:14:43.:14:45.

protection insurance, criminal fraud in some of the HBOS branches,

:14:46.:14:51.

particularly in Reading. It hasn't been an easy road. Now they are

:14:52.:14:54.

there, the question is what happens now? They expect the shareholders to

:14:55.:15:00.

do normal things like try to increase profits, grow revenue, and

:15:01.:15:03.

they have really reach wrenched into the UK. There are some headwinds

:15:04.:15:09.

facing them, very exposed the consumer and retail banking. As you

:15:10.:15:17.

mentioned, it will begin to eat into consumers ability to pay an for

:15:18.:15:21.

additional credit. Some problems they have to face, and the end of an

:15:22.:15:26.

era. I remember it at the time, ?20.3 billion, no one thought it

:15:27.:15:29.

would take this long to come back. The government will be pleased but

:15:30.:15:33.

it is some UN and some you lose. Remember they are still very much in

:15:34.:15:38.

the red on their stake on RBS. It could be on the government books for

:15:39.:15:41.

many years to come unless they are prepared to sell at a loss, which

:15:42.:15:44.

the Chancellor said recently he might be prepared to do. Some you

:15:45.:15:50.

win, some you lose. Thank you, lots more online to read when you have a

:15:51.:15:52.

moment. Our top story today,

:15:53.:15:58.

EU and US officials are meeting to discuss a potential extension

:15:59.:16:07.

of the laptop ban on aircrafts. The original set of restrictions

:16:08.:16:10.

affected flights from eight mostly mostly Muslim countries,

:16:11.:16:15.

including Turkey, Egypt, the United Arab Emirates

:16:16.:16:17.

and Saudi Arabia but now there are reports suggesting

:16:18.:16:19.

that the ban could be extended to include some countries

:16:20.:16:22.

within the EU. One analyst I spoke to said it will

:16:23.:16:33.

be the whole of Europe. And as we were talking with our guest earlier,

:16:34.:16:37.

the problem is of course we tend to think of it just bought business

:16:38.:16:48.

travellers with laptops. A lot of you getting in touch saying it is

:16:49.:16:53.

families with tablets as well. Andrew says it is not a problem

:16:54.:16:57.

having a laptop on a plane, it is the safety in the hold and lack of

:16:58.:17:01.

insurance for any damage and theft in the hold. A similar theme from

:17:02.:17:06.

Claude, as long as the airlines replace the ones they damage in

:17:07.:17:17.

transit. Some airlines, particularly Emirates, are trialling a system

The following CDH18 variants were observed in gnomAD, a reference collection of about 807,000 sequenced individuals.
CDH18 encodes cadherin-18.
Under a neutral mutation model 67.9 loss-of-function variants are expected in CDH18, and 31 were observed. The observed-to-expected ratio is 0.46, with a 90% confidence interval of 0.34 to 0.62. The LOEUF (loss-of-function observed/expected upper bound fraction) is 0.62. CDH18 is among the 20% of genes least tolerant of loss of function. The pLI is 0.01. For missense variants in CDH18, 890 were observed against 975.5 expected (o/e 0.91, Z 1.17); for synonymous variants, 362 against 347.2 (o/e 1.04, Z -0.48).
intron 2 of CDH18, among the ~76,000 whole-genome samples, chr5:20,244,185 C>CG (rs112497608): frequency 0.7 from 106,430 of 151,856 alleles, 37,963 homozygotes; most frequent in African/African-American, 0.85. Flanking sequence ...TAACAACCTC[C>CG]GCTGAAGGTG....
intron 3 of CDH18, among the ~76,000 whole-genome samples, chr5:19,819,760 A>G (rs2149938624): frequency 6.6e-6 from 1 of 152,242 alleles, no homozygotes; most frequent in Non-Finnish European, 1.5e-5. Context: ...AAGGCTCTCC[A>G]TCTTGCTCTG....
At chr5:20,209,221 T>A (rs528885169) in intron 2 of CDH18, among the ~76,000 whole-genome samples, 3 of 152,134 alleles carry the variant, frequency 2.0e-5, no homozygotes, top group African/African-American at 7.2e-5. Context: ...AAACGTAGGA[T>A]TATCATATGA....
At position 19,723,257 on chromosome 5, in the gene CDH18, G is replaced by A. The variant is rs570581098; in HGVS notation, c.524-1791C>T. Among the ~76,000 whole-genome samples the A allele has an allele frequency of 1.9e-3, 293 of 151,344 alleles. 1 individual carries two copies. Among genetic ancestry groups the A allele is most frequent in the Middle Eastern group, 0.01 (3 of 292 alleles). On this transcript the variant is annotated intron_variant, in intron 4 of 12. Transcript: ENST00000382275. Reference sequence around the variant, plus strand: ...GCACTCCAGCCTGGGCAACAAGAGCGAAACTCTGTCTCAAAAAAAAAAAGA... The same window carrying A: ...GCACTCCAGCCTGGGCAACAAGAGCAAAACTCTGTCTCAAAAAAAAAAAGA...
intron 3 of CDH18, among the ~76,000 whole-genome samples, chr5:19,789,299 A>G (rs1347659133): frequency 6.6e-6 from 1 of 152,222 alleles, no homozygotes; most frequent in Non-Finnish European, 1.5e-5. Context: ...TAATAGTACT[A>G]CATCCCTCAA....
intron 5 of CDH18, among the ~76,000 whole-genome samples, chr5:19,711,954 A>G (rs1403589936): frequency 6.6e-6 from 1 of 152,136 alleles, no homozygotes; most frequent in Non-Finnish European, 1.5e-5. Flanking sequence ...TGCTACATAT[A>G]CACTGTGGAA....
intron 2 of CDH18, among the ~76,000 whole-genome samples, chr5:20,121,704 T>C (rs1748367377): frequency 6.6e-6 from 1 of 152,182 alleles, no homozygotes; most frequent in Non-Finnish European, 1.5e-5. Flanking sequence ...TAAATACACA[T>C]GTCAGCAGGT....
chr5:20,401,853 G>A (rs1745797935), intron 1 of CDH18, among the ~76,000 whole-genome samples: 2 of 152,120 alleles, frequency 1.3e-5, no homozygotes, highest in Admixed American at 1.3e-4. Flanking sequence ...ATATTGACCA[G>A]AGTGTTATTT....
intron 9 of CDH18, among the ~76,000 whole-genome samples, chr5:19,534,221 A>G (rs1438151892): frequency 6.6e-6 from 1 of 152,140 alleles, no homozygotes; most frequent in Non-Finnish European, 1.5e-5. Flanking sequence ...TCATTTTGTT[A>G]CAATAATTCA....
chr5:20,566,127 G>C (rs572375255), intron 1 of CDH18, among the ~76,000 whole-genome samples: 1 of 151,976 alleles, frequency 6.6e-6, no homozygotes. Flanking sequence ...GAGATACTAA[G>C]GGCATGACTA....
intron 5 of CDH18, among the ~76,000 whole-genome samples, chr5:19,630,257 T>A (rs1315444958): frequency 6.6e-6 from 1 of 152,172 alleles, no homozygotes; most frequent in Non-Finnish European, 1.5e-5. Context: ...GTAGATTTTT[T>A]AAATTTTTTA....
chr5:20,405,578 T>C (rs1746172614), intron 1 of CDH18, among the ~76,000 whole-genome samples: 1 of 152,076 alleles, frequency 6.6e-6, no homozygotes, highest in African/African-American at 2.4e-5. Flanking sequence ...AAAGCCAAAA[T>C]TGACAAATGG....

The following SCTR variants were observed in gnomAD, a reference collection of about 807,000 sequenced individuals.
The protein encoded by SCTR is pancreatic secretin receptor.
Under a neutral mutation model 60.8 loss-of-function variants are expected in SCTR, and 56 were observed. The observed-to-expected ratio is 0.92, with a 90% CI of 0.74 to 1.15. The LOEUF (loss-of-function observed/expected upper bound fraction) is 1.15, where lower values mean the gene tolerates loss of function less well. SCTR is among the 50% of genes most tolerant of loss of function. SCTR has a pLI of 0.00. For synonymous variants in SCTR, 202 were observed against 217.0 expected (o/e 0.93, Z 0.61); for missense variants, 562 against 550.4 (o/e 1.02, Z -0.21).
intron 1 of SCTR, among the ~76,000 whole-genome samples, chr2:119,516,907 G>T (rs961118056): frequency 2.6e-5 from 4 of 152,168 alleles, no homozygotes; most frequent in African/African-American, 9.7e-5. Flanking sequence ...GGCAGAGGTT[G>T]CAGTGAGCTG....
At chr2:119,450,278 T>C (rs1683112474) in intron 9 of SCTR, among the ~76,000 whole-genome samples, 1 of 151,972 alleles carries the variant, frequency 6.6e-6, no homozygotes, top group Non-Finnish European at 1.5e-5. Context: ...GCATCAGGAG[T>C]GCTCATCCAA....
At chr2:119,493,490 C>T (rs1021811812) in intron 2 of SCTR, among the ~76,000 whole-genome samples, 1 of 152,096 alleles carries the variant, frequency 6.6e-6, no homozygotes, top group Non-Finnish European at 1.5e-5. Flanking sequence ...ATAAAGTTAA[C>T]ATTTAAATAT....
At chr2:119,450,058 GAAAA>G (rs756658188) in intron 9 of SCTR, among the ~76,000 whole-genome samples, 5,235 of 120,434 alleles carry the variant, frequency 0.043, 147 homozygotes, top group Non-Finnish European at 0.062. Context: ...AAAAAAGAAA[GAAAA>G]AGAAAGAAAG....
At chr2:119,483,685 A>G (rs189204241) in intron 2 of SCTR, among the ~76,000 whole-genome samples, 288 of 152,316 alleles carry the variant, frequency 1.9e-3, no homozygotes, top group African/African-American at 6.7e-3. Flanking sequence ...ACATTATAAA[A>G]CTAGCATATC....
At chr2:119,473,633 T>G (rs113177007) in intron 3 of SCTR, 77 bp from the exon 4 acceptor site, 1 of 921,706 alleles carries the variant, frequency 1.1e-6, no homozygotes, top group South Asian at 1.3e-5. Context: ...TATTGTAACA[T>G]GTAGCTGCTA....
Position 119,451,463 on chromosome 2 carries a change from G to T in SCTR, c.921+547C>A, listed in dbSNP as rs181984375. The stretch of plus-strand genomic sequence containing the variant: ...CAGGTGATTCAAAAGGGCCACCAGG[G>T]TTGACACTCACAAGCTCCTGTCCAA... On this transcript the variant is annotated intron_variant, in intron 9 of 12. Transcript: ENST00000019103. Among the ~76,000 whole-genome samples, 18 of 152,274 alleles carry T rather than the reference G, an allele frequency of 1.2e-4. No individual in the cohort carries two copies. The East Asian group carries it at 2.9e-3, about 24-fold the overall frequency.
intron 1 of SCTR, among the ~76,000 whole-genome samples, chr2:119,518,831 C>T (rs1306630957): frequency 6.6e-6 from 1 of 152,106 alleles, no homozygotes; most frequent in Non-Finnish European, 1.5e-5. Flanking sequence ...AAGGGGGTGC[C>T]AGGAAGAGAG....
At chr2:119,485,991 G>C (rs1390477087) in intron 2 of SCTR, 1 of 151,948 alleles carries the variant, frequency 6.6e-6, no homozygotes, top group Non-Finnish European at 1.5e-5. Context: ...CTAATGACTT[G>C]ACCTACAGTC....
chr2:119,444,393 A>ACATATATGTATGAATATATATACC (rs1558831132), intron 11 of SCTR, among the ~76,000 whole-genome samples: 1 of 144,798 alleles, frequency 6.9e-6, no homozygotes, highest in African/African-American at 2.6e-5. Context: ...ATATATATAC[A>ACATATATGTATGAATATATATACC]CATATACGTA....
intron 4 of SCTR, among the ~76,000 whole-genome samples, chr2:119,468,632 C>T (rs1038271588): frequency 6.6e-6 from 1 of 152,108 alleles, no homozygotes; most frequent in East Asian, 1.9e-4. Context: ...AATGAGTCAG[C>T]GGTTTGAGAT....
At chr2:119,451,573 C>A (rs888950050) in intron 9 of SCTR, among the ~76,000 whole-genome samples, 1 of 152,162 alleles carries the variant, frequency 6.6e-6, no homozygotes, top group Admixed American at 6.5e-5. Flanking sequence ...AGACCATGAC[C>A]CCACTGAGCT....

:17:18.:17:20.

whereby you can lock it up as you get on the plane, which then goes

:17:21.:17:24.

into the hold. Daniel says they just need better movies on flights. Maude

:17:25.:17:28.

says she cannot live without her candle. She got mentioned twice!

:17:29.:17:36.

Eddie says keep the drinks flowing, I am with him. Drinking on planes.

:17:37.:17:43.

Let's move on. You may well have been a student or

:17:44.:17:50.

you may be one right now, or you are the parent of a student, well listen

:17:51.:17:54.

up, because you may well know very well it is very difficult and often

:17:55.:17:58.

quite stressful to find somewhere to live at eight college or university

:17:59.:18:02.

and it can be a bit of a gamble at times. I know it all too well.

:18:03.:18:07.

The number of university level students studying abroad has more

:18:08.:18:20.

than doubled since the turn of the century to reach 4.1 million.

:18:21.:18:23.

The number one destination is the United States

:18:24.:18:25.

That's followed by the UK with almost half a million

:18:26.:18:28.

Figures for the UK suggest the average international student

:18:29.:18:32.

spends $18,000 a year, excluding tuition fees.

:18:33.:18:33.

A large part of that goes on accomodation.

:18:34.:18:35.

Student dot com is a website that helps those students find

:18:36.:18:38.

somewhere to live in more than 400 cities worldwide.

:18:39.:18:40.

Luke Nolan is the co-founder and Chief Executive of Student.com

:18:41.:18:43.

He is with us now. Nice to see you. Morning, Luke. We can see the need.

:18:44.:18:51.

I could have used this as a student, trying to find somewhere to live. I

:18:52.:18:55.

was back at my university city this week, looking at where I used to

:18:56.:18:58.

live, and some places were pretty dreadful, but this is a way of

:18:59.:19:02.

matching beds and runs the students. How did the idea come about? Good

:19:03.:19:09.

question. I had been living in China already for about six or seven

:19:10.:19:12.

years, and spent a lot of time doing business with Chinese live the

:19:13.:19:16.

country. The question that kept cropping up was my son or daughter

:19:17.:19:20.

is studying abroad, where should they live? Very often, with the

:19:21.:19:23.

explosion of international student number is around the world,

:19:24.:19:25.

universities haven't been able to build more housing. So people are

:19:26.:19:32.

looking for a self -- a safe and comfortable place to live with great

:19:33.:19:35.